We require 2-3 essays for a volume on contemporary and twentieth century women's writing (fiction, poetry, drama) for an edited volume due to be published by the end of 2016 by Cambridge Scholars Publishing. At this point we are looking for completed essays around 5000-6000 words analysing individual or multiple works by women writers of the period. Essays previously published in journals are acceptable provided necessary permissions are obtained. Contact firstname.lastname@example.org for further details.
As a site of struggle, a target of discursive discipline, the seat of disruptive agency, and the material ground for various voluntary and imposed definitions of identity, the human body has long been the subject of interrogation in literary scholarship. The recent “material turn” in various fields of subfields, including the environmental humanities, has brought the figure renewed critical attention This panel seeks to examine representations of the body in the context of a particular relationship: one with the supposedly disembodied entity of the modern corporation. The panel invites papers that consider how modern authors articulate this relationship in various configurations for different effects and political purposes.
NeMLA 2017 - Humor and Satire in Francophone Literature: Constructing and Deconstructing Identity (Panel)
Event: 03/23/2017 - 03/26/2017
Categories: French, Francophone, Interdisciplinary, Humor, Satire.
Location: Baltimore, MD
Organization: Northeast Modern Language Association
Humor and Satire in Francophone Literature: Constructing and Deconstructing Identity
Resolved: In Francophone literature of the last three centuries, Humor has constructed identity while Satire was used to deconstruct it.
Participants are invited to argue either side of this normative statement.
In the twenty plus years since independence, South Africa has been mired in economic struggles, social crises related to HIV and ADIS and xenophobia, and increasingly demanding political protest. Have the visions of a utopian future that were sparked with Mandela's release from prison evaporated under the weight of so much disillusionment, or is there still hope that the nation's unparalleled constitution can ever be brought to fruition? This panel welcomes papers examining contemporary works from South Africa that advance an idealistic image for the nation despite the many obstacles faced in building a democratic state.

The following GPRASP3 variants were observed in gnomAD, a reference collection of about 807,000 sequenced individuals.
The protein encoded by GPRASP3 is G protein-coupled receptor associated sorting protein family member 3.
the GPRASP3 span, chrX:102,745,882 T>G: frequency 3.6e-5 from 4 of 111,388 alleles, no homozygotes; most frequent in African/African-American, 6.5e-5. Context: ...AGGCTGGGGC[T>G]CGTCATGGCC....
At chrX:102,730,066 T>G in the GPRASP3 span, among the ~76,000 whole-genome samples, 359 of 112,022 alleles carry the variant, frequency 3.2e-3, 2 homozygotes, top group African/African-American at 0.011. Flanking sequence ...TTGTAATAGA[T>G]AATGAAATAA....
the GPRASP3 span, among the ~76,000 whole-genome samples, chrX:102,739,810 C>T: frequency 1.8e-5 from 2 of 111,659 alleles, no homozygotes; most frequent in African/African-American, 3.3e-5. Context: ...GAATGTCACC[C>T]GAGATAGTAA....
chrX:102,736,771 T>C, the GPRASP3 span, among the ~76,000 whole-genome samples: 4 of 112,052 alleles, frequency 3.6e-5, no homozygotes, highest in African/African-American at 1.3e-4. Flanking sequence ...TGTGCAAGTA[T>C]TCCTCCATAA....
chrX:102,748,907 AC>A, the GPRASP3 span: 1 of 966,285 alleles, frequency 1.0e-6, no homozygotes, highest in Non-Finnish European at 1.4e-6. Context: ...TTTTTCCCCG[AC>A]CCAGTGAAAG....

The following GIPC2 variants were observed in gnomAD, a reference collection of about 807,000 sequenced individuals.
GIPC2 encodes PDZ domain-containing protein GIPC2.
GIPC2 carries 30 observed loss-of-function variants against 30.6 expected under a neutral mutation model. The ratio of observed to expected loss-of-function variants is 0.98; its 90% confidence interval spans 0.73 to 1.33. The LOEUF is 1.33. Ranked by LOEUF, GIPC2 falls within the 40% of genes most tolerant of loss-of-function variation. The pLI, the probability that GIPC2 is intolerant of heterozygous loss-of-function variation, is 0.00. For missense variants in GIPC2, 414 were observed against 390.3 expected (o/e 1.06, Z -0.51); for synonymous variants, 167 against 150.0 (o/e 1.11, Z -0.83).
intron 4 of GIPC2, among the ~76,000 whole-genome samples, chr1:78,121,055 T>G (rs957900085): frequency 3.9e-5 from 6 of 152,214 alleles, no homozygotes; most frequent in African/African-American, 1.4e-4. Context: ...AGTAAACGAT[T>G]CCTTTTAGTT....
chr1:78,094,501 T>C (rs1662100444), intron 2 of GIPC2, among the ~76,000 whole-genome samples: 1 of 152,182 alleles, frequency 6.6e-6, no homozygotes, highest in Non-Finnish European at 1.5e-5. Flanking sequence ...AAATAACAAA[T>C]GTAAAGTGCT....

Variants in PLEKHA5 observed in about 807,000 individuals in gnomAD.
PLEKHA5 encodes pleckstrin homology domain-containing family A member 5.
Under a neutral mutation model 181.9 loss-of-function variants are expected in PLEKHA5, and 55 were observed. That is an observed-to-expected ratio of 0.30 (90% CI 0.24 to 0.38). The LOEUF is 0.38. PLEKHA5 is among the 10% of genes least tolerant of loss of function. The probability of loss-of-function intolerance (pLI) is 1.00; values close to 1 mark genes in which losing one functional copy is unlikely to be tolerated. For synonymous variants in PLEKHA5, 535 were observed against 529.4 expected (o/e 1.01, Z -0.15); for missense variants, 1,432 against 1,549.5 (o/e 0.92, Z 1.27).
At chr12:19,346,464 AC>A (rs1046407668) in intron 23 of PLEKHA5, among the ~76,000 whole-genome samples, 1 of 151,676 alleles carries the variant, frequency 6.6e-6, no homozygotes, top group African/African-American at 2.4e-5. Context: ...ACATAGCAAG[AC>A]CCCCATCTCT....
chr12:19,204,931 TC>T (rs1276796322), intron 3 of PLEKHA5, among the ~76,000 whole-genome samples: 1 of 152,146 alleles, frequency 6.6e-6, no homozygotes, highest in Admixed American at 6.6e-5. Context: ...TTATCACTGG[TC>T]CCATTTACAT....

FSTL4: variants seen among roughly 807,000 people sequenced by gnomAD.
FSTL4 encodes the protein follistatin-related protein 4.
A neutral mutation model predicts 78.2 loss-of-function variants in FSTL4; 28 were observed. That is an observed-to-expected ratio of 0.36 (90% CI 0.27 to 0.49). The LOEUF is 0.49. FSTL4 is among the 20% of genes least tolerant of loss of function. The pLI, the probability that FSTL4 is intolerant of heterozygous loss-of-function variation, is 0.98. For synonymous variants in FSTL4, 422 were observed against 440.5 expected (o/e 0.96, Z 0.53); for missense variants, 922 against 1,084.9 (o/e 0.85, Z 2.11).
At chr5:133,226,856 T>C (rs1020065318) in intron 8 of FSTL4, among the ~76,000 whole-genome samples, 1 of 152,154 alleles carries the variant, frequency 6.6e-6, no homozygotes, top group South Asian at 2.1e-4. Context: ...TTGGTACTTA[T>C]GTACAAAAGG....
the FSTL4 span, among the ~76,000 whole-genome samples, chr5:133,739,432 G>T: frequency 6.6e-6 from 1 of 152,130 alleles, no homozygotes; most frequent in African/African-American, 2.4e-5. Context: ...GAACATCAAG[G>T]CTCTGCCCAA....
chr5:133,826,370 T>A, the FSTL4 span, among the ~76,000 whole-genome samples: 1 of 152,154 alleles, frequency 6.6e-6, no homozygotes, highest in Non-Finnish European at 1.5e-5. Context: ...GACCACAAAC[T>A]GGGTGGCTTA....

March 23-26, 2017
Northeast Modern Language Association
The Shadow of Ethnography
Reconnecting with the Homeland (Chapter of an edited collection on The Postcolonial Subject in Transit)
Special Issues - Christianity & Literature - "Sincerity" full name / name of organization: Christianity & Literature contact email: email@example.com
CALL FOR PAPERS
Christianity & Literature
Two Special Issues:
Special Issue Editors: Matthew J. Smith and Caleb Spencer
This panel focuses on the use of American Indian Literary Nationalism as a framework for reading texts by Native authors. We will examine the ways in which AILN has been employed and has created new spaces for interpretations of Native literature. Since the 2006 publication of the groundbreaking American Indian Literary Nationalism, scholars in the field of Native American Literature are re-evaluating the ways in which texts by Native authors are read. As well, subsequent works analyzing Native literatures using the methods of AILN have been instrumental in creating new spaces for interpretation. This panel focuses on the influence of AILN and its contributions specifically to the field of Native American Literature.
Fallujah Magazine solicits unpublished work that explores and/or defines and/or meditates upon the condition of art and of the artist.
Our manifesto declares: “Fallujah is a space for remembering, for protesting with art from any corner of the world.”
In a 2005 article for The New York Times, Canadian-Russian author and American academic Michael Ignatieff raised a provocative question: "Who Are Americans to Think That Democracy Is Theirs to Spread?" Surveying a range of critical responses to the US war in the Middle East, such as the idea that US involvement is economically self-serving, or that it facilitates the rise of increasingly repressive regimes, Ignatieff argues that the US has been ineffective, if not oppositional, in its stated aims of promoting democracy worldwide. This MELUS panel builds on SAMLA 88's theme of "Utopia/Dystopia: Whose Paradise Is It" and perspectives like Ignatieff's to ask how multi-ethnic American writers position the US amidst the political unrest of their birth nation.